Well casing failures experienced by Shell in CHINA
While energy-Hungry China Struggles to Join Shale-Gas Revolution, Royal Dutch Shell Finds Drilling for Shale Gas in China Isn’t Easy
While this article is essentially about China’s shale gas plans read it carefully to pick up the issues with casings geology and water pollution. Royal Dutch Shell are keen to start fracking in the Karoo – arguably a very difficult place laced with dolerite sills and dykes.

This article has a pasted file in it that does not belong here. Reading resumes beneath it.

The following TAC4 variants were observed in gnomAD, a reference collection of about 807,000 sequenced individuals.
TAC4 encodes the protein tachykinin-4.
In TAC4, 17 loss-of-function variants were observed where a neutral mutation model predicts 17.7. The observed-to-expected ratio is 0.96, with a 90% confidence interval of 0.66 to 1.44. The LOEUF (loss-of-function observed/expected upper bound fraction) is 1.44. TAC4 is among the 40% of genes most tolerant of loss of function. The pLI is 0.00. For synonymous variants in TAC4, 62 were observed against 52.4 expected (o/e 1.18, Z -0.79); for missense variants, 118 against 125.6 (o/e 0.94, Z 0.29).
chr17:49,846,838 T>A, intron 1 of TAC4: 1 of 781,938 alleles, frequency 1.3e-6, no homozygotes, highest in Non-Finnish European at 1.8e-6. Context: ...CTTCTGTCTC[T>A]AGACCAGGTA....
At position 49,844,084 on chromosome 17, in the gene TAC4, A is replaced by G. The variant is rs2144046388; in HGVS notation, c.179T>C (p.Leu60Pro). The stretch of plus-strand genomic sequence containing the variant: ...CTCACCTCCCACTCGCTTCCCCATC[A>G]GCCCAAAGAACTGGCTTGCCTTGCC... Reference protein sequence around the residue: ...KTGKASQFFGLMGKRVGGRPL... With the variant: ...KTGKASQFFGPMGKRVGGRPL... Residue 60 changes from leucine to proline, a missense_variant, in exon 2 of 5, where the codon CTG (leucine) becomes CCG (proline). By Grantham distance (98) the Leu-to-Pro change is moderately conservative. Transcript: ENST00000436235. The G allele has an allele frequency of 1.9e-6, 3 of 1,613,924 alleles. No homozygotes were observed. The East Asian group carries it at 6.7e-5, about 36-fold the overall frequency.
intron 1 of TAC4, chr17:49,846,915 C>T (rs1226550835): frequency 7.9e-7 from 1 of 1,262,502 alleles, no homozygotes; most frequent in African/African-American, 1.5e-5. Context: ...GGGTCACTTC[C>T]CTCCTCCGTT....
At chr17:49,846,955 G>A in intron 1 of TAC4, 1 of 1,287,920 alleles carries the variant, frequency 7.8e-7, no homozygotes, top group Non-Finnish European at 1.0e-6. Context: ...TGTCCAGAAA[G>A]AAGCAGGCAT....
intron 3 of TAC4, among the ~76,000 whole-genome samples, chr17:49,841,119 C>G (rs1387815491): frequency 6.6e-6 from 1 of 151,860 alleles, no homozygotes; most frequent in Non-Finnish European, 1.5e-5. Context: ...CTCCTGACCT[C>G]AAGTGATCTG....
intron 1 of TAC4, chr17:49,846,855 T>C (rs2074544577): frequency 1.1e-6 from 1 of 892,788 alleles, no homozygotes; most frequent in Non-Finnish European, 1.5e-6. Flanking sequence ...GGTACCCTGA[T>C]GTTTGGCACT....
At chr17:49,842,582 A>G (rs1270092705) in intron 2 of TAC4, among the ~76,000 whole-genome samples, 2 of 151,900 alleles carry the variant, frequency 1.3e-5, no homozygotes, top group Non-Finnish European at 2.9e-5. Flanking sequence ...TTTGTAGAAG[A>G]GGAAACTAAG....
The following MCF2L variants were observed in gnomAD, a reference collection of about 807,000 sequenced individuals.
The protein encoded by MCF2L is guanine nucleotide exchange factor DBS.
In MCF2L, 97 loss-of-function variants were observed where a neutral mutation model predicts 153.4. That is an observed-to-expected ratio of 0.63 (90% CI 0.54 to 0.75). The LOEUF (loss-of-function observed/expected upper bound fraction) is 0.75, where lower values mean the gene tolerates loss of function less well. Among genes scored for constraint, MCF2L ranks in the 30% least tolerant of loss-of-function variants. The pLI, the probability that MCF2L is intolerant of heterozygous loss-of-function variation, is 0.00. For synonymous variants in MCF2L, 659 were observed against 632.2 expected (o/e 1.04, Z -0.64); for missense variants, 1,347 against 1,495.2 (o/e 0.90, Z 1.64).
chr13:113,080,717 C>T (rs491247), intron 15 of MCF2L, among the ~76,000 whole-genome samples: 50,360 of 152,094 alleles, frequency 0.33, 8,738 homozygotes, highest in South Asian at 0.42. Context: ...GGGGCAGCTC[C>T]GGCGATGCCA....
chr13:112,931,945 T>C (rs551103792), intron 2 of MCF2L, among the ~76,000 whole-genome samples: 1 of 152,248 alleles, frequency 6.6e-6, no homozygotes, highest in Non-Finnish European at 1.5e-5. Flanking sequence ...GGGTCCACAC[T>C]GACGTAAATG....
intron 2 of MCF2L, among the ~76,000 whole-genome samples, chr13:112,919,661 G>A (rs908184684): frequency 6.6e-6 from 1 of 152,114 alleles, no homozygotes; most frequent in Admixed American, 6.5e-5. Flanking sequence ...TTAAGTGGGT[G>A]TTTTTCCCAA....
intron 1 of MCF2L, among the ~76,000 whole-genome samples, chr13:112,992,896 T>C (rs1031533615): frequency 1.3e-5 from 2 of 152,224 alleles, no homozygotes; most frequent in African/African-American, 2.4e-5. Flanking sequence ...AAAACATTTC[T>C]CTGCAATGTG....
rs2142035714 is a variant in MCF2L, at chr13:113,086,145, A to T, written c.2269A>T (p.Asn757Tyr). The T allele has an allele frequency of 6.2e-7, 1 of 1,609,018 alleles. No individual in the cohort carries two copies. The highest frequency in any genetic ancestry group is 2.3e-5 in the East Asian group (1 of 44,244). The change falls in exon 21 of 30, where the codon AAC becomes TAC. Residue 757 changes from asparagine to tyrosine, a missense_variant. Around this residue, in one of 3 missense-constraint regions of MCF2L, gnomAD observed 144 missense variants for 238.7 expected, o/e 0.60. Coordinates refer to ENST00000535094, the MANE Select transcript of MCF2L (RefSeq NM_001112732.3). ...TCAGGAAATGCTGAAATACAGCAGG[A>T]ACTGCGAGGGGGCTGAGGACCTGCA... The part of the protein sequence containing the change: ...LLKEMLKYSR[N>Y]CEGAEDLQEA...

MAOBA, China—When Royal Dutch Shell RDSB.LN -0.05% PLC began a multibillion-dollar effort to tap China shale gas a few years ago, it seemed like a can’t-miss wager. China has the world’s most extensive shale gas reserves, biggest energy market, and a government pushing for expanded gas production.But for Shell and its state-controlled partner, China National Petroleum Corp. the reality on the ground makes its bet look riskier.The region’s rough terrain, poor infrastructure and deeply buried gas formations present tough technical challenges. The area is so densely populated and intensely farmed that drilling sites are being built within 360 feet of homes in villages like Maoba—upsetting residents who complain of noise, dust and environmental concerns. To ease the way, Shell and its partners are compensating local residents and local government officials for using their land and roads and other inconveniences.Shell’s experience in China, where it is charging ahead faster than competitors, shows how replicating the U.S. shale boom won’t be easy. While other countries have shale gas—China, Argentina and Algeria have bigger reserves than the U.S., according to the U.S. Energy Information Administration—a range of obstacles make tapping those resources far tougher than in places like Texas and Pennsylvania.Some shale-rich countries, including China, are short on developed roads, water and drilling contractors trained in modern safety standards. Others like France and Bulgaria have put up legal barriers to the hydraulic fracturing needed to extract shale gas.And unlike in the U.S., where landowners generally own rights to gas beneath their property, minerals in many countries are owned by the state, giving residents little financial incentive to support drilling near their homes.From May 2010—when Shell was conducting early exploration in the region—to March 2013, the company lost 535 days of work across 19 wells due to “spontaneous village based blockades” or government requests to halt operations, company officials said in a March paper delivered at an industry conference. Many of the villagers’ complaints stemmed from money disputes, the paper says.Shell officials say the company is in the preliminary stages of its China shale project—it has only drilled about 30 wells—and it is too early to determine success or failure. They say drilling is on schedule, and that dealing with dense populations and difficult geology are the sorts of challenges energy companies often encounter when they move into new regions. Shell hasn’t released a cost estimate for the project, though the company said it is spending $1 billion a year on developing unconventional energy in China such as shale gas.The rock itself in China is more difficult to extract gas from. There are high underground stresses, and Shell experienced some deformed well casings early in China drilling, according to a March paper published by Shell employees. “In general, you have to drill deeper” in China to reach shale gas, said Shell Chief Technology Officer Gerald Schotman.Regulatory concerns also heighten China risks. The country hasn’t finalized fracking regulations. And to fight inflation, the government controls prices at which gas may be sold, which could weigh on profits.Even so, China’s growing energy consumption, big reserves and a state push to replace coal power with cleaner gas make it an alluring target for big oil companies like Shell.“Natural gas has the potential to spark an energy revolution similar to the one already under way in North America,” Shell Chief Executive Officer Peter Voser said during a speech last year in China at the Central Party School.The Chinese government is backing shale development because it could lessen dependence on imported gas and polluting coal. China says it aims to raise natural gas to 8% of total energy consumption by 2015, up from about 4% in 2010. The government set an ambitious target to produce 6.5 billion cubic meters of shale gas annually by 2015, up from almost nothing last year.China is particularly appealing for Shell, since it has missed out on much of the profit from the U.S. shale-gas boom. Smaller firms pioneered fracking in the U.S., snapping up many of the richest drilling sites. By the time big companies like Shell and Exxon Mobil Corp. XOM -0.11% bought in, they paid premium prices just when gas prices were declining.As early as 2006, Shell leaders discussed tapping Chinese shale with government officials, say people familiar with the talks. But some Shell executives remained skeptical due to China’s limited water, unknown geology and population density.Some Shell executives were also wary of deals with Chinese state-run companies, say people involved in Shell’s China deliberations. A decade of talks with Chinese officials ending in the early 2000s over other natural-gas infrastructure resulted in less business for Shell than executives anticipated, these people say.But by 2011, when members of Shell’s board of directors visited China, wariness was dissipating as Shell felt urgency to capitalize on the shale boom. To Shell’s board members who visited remote shale fields in China, the country seemed like a promising alternative to North America, says a person who attended the trip.Shell and China National Petroleum Corp. struck gas in an early shale exploration well in 2011. Then in 2012, Shell jumped ahead of its competitors to become the first—and so far only—foreign company to finalize a production sharing contract with CNPC in the Sichuan Basin. Shell’s competitors, including ConocoPhillips Co.COP +0.63% and Chevron Corp., CVX -0.13% also are exploring China shale, but haven’t made such a big commitment.While Shell tried to move quickly to start producing in China, the company and its Chinese partner encountered bureaucratic, political and physical obstacles. Government regulators took about a year to approve the formal Shell-CNPC arrangement.Protests by residents and local officials resulted in lost work days at drilling sites as Shell began work in “some of the most densely populated and intensively farmed agricultural land in the world,” Shell officials wrote in the March industry-conference report.To cope with a crowded landscape, engineers said they reduced the size of drilling pads to just over 1.5 acres from about 2.5 acres. That limited the number of wells they can drill from a single site.Safety is also a concern. While the company says it conforms to international safety norms, some “stakeholders” in the drilling projects have an apparent “misalignment of expectations” about how to interpret safety guidelines, Shell workers wrote in the March paper. The company declined to comment further.Meanwhile, power and water shortages added complications. In order to avoid competing with farmers for groundwater, the drilling companies built “extensive networks of temporary PVC piping” and storage tanks to supply drilling sites, the officials wrote. The region’s unreliable power supply meant Shell had to install backup diesel generators, company officials wrote in another report earlier this year.In Maoba, where drilling began in April, workers arrived first to upgrade local roads, a move initially welcomed by villagers. Then the trucks began hauling equipment, kicking up dust and dirt residents say forced them to shut their windows.Adjacent to the Shell-CNPC worksite in Maoba, a husband and wife who raise and sell fish from a small pond initially welcomed the project. The wife says the new gravel roads were safer when it rained.But after drilling picked up, the couple says, they noticed their fish dying. They say they suspected sewage from the drilling site and confronted workers, who denied responsibility. A Shell site official said sewage is trucked out of Maoba, so it was impossible that sewage from the site contaminated the pond. The official said a drought and heat wave may have killed the fish.Maoba resident Deng Fagui says he is concerned the operations damaged water quality. On his farmhouse porch one recent morning, Mr. Deng said the groundwater he pumps for drinking and bathing has been off color since around the time drilling began. Shell says it takes measures to ensure local groundwater isn’t polluted.Shell compensates villagers for land use and other inconveniences. A person who loses a field measuring one mu—a traditional Chinese measurement equal to about 700 square meters, or about 7,500 square feet—would likely receive at least 8,400 yuan ($1,400) over two years in compensation, according to local government official Chen Jiayou. Shell says payments are transferred to higher-level township governments, which distribute them to village-level leaders, in some cases as cash.Other payments that Shell reimburses its partners in China for also end up as cash given to local officials, according to a Shell spokeswoman. Shell said in a statement that it “follows the government laws and regulations in terms of standards and procedures” for doling out compensation, and that it doesn’t make payments in cash, which would violate corporate policy aimed at preventing bribery. But it said that Shell contractors or subcontractors might make cash payments out of “operational convenience” and bill Shell for the costs.Maoba’s village chief Deng Yuguo says he received a cash payment late last year from the companies drilling in Maoba of around 14,000 yuan to use in local road repairs. Shell said the payment was made as a bank transfer to township-level officials on behalf of Shell’s joint venture with CNPC, and those officials converted it to cash for Mr. Deng. Mr. Deng said the funds haven’t yet been spent.